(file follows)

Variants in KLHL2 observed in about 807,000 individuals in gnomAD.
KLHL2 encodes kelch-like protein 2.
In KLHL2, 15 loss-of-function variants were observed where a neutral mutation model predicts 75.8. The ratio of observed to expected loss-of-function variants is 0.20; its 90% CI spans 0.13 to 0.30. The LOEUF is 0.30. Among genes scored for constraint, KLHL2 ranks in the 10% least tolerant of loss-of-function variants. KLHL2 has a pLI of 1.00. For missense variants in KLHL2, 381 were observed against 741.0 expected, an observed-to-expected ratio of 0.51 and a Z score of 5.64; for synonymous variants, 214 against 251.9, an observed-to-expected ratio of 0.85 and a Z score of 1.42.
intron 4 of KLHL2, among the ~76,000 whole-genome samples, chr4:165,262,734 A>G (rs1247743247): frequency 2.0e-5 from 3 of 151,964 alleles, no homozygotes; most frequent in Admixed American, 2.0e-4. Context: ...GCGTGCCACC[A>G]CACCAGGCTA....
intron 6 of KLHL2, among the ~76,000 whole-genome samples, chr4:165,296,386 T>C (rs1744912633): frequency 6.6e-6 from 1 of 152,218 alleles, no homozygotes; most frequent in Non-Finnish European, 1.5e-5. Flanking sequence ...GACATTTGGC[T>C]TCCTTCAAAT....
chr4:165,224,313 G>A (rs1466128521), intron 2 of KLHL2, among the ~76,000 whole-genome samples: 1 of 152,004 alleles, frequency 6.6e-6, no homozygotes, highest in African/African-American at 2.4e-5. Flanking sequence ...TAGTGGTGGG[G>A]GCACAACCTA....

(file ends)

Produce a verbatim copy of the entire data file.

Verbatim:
Variants in KLHL2 observed in about 807,000 individuals in gnomAD.
KLHL2 encodes kelch-like protein 2.
In KLHL2, 15 loss-of-function variants were observed where a neutral mutation model predicts 75.8. The ratio of observed to expected loss-of-function variants is 0.20; its 90% CI spans 0.13 to 0.30. The LOEUF is 0.30. Among genes scored for constraint, KLHL2 ranks in the 10% least tolerant of loss-of-function variants. KLHL2 has a pLI of 1.00. For missense variants in KLHL2, 381 were observed against 741.0 expected, an observed-to-expected ratio of 0.51 and a Z score of 5.64; for synonymous variants, 214 against 251.9, an observed-to-expected ratio of 0.85 and a Z score of 1.42.
intron 4 of KLHL2, among the ~76,000 whole-genome samples, chr4:165,262,734 A>G (rs1247743247): frequency 2.0e-5 from 3 of 151,964 alleles, no homozygotes; most frequent in Admixed American, 2.0e-4. Context: ...GCGTGCCACC[A>G]CACCAGGCTA....
intron 6 of KLHL2, among the ~76,000 whole-genome samples, chr4:165,296,386 T>C (rs1744912633): frequency 6.6e-6 from 1 of 152,218 alleles, no homozygotes; most frequent in Non-Finnish European, 1.5e-5. Flanking sequence ...GACATTTGGC[T>C]TCCTTCAAAT....
chr4:165,224,313 G>A (rs1466128521), intron 2 of KLHL2, among the ~76,000 whole-genome samples: 1 of 152,004 alleles, frequency 6.6e-6, no homozygotes, highest in African/African-American at 2.4e-5. Flanking sequence ...TAGTGGTGGG[G>A]GCACAACCTA....